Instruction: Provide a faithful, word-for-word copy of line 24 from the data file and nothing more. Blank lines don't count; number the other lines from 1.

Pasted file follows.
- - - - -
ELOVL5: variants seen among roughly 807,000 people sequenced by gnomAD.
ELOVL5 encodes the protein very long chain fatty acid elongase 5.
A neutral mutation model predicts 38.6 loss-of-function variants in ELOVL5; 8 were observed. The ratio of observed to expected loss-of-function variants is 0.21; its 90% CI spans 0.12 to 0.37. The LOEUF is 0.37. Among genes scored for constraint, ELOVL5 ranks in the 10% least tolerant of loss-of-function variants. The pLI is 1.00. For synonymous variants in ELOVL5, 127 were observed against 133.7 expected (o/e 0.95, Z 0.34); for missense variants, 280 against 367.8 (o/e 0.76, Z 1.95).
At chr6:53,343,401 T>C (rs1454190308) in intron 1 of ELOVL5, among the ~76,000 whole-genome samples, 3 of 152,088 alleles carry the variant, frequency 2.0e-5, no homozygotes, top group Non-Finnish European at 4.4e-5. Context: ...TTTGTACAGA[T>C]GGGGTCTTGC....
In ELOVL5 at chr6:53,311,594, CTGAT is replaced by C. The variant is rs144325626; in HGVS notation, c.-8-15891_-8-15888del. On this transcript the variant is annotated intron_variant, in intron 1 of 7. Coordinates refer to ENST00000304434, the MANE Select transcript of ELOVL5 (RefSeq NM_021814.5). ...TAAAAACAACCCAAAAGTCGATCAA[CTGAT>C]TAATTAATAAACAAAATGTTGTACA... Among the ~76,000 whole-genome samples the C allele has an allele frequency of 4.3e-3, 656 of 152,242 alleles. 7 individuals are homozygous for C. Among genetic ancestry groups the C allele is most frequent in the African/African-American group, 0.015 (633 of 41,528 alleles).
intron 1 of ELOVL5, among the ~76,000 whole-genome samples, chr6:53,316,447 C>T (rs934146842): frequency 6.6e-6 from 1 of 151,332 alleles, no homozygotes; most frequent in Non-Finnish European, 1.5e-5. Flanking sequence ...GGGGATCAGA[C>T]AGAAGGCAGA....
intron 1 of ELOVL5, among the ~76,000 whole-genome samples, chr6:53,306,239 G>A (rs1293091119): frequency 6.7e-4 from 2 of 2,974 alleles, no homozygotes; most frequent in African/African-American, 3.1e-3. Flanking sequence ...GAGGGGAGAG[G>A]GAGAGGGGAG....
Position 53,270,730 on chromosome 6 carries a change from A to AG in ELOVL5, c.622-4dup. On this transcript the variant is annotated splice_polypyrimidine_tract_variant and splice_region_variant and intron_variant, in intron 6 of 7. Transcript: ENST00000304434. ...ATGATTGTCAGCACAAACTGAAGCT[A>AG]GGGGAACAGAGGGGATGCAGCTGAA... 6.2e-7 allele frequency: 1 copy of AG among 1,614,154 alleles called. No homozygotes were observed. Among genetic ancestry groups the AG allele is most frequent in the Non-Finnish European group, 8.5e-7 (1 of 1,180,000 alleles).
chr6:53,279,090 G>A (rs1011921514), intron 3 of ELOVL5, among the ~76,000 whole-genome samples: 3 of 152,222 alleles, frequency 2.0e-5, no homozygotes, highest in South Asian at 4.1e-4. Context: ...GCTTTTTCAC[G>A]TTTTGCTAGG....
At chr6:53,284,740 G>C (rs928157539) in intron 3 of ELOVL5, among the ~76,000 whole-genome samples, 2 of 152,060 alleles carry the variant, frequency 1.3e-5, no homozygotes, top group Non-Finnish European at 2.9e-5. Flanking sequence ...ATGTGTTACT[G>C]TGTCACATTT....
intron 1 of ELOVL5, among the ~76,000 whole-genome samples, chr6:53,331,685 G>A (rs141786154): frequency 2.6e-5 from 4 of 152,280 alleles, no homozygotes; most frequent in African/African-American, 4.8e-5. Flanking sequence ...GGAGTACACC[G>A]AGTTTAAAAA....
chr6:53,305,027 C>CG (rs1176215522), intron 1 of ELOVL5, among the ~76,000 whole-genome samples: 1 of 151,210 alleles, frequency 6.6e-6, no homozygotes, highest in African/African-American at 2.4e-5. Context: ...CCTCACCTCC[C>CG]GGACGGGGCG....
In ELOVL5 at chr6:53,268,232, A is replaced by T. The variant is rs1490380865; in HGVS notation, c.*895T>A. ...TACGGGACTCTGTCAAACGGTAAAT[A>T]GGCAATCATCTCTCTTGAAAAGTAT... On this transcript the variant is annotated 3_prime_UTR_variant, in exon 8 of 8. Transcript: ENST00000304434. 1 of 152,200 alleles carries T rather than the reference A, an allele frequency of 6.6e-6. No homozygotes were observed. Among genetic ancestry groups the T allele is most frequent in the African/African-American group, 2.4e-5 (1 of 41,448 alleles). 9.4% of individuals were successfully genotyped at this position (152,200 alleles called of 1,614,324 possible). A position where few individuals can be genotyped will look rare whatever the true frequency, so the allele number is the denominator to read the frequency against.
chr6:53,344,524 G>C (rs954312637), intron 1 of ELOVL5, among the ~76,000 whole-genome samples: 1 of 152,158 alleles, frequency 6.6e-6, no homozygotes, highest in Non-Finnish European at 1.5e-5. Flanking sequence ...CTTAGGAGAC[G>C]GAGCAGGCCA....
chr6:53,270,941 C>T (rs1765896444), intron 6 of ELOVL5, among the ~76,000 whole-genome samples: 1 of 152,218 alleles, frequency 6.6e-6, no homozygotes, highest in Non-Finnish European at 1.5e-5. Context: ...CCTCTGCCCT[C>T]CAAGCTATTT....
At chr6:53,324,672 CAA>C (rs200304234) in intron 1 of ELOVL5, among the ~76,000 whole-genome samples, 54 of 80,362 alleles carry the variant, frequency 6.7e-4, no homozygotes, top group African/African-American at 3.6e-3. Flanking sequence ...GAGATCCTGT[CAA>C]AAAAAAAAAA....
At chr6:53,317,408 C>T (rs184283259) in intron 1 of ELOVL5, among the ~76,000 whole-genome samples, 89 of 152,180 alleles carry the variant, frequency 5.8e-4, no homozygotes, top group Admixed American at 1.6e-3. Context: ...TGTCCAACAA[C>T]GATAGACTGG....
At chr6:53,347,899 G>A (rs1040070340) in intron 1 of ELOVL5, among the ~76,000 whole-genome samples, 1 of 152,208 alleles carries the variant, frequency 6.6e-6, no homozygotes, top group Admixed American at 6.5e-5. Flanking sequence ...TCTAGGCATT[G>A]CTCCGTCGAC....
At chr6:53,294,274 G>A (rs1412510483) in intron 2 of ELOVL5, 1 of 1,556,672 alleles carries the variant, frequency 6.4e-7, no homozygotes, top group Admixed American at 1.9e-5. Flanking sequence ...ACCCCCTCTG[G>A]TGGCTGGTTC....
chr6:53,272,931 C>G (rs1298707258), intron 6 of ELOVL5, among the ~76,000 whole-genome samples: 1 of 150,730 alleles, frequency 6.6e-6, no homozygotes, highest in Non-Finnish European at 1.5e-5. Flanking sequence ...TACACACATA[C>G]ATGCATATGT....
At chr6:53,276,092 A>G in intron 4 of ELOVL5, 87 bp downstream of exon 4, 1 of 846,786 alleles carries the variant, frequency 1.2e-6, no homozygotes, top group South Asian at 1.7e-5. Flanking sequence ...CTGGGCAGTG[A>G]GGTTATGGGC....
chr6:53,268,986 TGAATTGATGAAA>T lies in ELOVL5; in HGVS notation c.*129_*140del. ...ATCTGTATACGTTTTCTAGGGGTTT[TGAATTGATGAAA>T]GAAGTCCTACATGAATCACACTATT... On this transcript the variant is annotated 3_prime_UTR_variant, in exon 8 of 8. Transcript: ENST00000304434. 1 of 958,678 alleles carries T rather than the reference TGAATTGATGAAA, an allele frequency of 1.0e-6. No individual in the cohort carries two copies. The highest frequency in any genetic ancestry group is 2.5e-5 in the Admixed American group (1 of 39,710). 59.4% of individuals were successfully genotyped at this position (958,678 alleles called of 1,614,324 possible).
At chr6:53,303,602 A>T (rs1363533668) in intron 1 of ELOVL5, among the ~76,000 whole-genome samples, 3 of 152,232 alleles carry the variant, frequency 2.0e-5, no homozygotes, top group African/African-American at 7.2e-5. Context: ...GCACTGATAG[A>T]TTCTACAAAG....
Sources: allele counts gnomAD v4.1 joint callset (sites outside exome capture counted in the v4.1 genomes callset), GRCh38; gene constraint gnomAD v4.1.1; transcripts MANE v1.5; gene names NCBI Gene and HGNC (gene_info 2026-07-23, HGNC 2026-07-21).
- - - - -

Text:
Sources: allele counts gnomAD v4.1 joint callset (sites outside exome capture counted in the v4.1 genomes callset), GRCh38; gene constraint gnomAD v4.1.1; transcripts MANE v1.5; gene names NCBI Gene and HGNC (gene_info 2026-07-23, HGNC 2026-07-21).